In extra muros the working process on the triptych was shown with photos from my studio on the Internet in the period from September 8, 2008 to August 15, 2009.
The mantle of the Madonna
The Wintringer Madonna has an outside gilded and inside blue mantle over a red robe. The spatial presence of the wooden sculpture lies in its depicted material envelopment of mantle and robe. Her corporeality consists in a suggestion of her female figure, convex forms arching the robe. The polychromy of her cloak and robe, however, makes one forget the body as a plastic volume. The cloak is one with her body, the cloak is her shell, her own body unapproachable.
The two-tone color of the mantle of the Wintringen Madonna thematizes a color contrast that has a supporting and invigorating color effect - gold/ochre and blue. In its tonal possibilities, it ranges from tonal-equal to a strong light-dark contrast.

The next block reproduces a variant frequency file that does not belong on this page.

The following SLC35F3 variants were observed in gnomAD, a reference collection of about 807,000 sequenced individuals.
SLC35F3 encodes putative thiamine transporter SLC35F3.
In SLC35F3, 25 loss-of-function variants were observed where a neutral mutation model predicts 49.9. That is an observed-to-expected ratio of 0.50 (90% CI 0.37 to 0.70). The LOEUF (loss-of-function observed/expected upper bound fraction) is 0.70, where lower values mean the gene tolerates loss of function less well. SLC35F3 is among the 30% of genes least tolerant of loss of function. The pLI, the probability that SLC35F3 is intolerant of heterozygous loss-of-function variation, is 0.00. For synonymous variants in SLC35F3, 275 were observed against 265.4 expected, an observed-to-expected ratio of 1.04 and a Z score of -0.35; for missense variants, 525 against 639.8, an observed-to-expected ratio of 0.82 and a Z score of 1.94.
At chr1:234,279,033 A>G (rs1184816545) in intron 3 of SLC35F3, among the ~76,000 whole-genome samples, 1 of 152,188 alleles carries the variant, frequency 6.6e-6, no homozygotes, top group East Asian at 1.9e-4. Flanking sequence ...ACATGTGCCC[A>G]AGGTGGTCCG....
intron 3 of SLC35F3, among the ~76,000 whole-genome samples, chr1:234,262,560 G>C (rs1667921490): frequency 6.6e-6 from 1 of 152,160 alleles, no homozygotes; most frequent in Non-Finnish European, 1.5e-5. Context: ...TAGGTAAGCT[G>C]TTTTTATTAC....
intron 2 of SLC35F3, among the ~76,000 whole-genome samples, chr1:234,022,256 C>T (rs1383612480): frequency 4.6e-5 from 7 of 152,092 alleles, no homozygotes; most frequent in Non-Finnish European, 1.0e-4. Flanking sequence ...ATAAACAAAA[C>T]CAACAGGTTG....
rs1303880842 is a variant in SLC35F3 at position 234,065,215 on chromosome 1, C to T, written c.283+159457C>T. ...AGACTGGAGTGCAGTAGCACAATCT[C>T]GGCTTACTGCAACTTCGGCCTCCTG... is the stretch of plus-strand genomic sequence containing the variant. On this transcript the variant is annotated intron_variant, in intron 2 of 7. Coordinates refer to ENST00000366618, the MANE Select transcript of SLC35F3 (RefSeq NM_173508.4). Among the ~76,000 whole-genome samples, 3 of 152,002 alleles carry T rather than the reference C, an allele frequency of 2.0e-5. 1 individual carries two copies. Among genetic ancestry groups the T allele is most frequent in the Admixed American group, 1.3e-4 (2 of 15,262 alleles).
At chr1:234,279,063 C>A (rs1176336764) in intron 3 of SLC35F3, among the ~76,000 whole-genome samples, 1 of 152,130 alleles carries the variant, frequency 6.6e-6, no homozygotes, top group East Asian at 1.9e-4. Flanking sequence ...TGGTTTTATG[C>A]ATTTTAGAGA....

For my spatial perception it is crucial that the colorfulness of a sculpture does not reach into the space beyond the actual material volume, but creates a unity of body and its (surface) effect. I achieve this through a matte, non-glossy application of color with gouache and tempera, as well as a glazing technique that allows the actual monochrome colorfulnesses - gold/ochre and blue - depth and breathing.
The exact reproduction of these colors is only possible to a limited extent via photography and screen.
The working process on the plastic form is largely finished. The color effect is a new development of the plastic form and can only be judged well under daylight conditions. The still pending color changes, in fine nuances, I will not document here on the Internet. As already mentioned, photography and screen are not reliable in terms of color reproduction.